Using Written, Audio, and Video Vignettes to Translate Knowledge to Elite Strength and Conditioning Coaches
Christoph Szedlak, Matthew J. Smith, Bettina Callary, and Melissa C. Day
Research has shown that vignettes are useful in disseminating complex and applied information to practitioners with research mainly utilising written and audio vignettes to disseminate good practice. The current study examined the utility of a research-based vignette, presented in different formats (written, audio, video), to disseminate information to elite strength and conditioning (S&C) coaches. A single vignette was developed in three formats: a written, an audio, and a video vignette. The vignette involved an experienced S&C coach as the main character, and the plot outlined how this S&C coach aimed to learn more about effective coaching. Nineteen elite S&C coaches reflected on the utility of different vignette formats. Data were analysed using a thematic analysis. Overall, the results suggest that vignettes are useful in translating knowledge and encourage action, regardless of which format is used. Furthermore, the S&C coaches reported a preference for the video format, due to the video’s ability to communicate emotional, verbal and non-verbal behaviours. Practically, the vignette prompted the S&C coaches to reflect on areas such as coaching philosophy and values resulting in initial changes in their coaching practice.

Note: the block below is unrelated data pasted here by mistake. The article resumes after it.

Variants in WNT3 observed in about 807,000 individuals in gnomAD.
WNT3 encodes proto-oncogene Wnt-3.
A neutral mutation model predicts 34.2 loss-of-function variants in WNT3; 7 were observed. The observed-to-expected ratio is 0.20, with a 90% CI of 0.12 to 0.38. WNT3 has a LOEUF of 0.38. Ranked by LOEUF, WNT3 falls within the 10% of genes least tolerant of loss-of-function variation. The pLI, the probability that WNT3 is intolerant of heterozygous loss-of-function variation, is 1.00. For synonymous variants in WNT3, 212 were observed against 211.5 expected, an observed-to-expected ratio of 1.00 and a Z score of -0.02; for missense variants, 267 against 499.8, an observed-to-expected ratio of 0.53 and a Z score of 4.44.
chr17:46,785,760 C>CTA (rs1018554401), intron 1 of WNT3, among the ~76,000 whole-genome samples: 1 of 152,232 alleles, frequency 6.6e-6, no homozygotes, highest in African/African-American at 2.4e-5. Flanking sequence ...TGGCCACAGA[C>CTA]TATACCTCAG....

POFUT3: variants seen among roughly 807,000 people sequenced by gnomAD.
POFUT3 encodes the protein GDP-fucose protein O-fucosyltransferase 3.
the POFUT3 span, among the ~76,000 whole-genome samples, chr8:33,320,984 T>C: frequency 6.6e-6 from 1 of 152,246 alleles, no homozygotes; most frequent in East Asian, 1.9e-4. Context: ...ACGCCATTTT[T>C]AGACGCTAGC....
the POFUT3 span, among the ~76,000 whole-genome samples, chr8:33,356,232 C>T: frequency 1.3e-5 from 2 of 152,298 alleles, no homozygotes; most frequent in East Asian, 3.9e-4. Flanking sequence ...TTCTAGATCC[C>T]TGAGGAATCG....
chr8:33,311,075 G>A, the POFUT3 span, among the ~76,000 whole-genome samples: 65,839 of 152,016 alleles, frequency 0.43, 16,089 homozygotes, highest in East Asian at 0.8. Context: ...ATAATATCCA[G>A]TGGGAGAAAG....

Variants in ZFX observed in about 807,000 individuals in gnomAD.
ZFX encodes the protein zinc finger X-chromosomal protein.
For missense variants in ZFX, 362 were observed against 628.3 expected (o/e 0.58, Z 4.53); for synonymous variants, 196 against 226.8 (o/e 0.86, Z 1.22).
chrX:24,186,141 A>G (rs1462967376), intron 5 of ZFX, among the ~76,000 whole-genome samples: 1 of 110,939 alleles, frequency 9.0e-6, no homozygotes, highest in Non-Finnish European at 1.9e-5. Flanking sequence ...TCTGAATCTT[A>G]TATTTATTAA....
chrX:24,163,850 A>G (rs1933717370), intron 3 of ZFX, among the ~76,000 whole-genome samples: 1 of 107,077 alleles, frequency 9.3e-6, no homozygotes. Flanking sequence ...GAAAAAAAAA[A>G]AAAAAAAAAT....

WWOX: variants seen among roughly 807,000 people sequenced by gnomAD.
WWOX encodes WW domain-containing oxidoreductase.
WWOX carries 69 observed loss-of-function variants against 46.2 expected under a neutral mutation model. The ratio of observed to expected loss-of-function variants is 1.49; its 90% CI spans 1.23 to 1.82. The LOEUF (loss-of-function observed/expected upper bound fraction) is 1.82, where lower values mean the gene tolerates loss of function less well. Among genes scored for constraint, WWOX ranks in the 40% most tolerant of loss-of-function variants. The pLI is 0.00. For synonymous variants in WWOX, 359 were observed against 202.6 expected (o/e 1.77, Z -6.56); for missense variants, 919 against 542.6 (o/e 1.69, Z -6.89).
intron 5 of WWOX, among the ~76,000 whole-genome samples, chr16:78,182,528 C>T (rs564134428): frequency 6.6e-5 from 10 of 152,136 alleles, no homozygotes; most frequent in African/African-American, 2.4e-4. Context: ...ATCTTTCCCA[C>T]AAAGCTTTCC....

Special Issue in Online and Remote Coaching: Exploring Coaching Delivery and Coach Education in Online/Digital Environments
Chris Szedlak, Blake Bennett, and Matthew J. Smith
Effects of Carbohydrate Ingestion and Carbohydrate Mouth Rinse on Repeat Sprint Performance
Ben M. Krings, Timothy J. Peterson, Brandon D. Shepherd, Matthew J. McAllister, and JohnEric W. Smith
The purpose of this investigation was to examine to the influence of carbohydrate ingestion (CHOI) and carbohydrate mouth rinse (CHOR) on acute repeat maximal sprint performance. Fourteen healthy males (age: 21.7 ± 1.8 years, mass: 82.3 ± 12.3 kg) completed a total of five 15-s maximal repeat sprints on a cycle ergometer against 0.075 kg ・ kg-1 body mass each separated by 4 min of active recovery. Subjects completed four experimental trials and were randomly assigned one of four treatments: (1) CHOI, (2) CHOR, (3) placebo mouth rinse (PLAR), (4) placebo ingestion (PLAI). Subjects rinsed or ingested six 50 mL 10% CHO solutions throughout each trial. Performance variables measured included rating of perceived exertion, peak heart rate, peak and mean power output, fatigue index, and total work. Significant treatment main effects were observed for mean power output (p = 0.026), total work (p = 0.020), fatigue index (p = 0.004), and heart rate (p = 0.013). Overall mean power output and total work were significantly greater with CHOI (659.3 ± 103.0 watts, 9849.8 ± 1598.8 joules) compared with CHOR (645.8 ± 99.7 watts, 9447.5 ± 1684.9 joules, p < .05). CHOI (15.3 ± 8.6 watts/s) significantly attenuated fatigue index compared with CHOR (17.7 ± 10.4 watts/s, p < .05). Based on our findings, CHOI was more likely to provide a beneficial performance effect compared with CHOR, PLAI, and PLAR. Athletes required to complete repeat bouts of high intensity exercise may benefit from CHOI.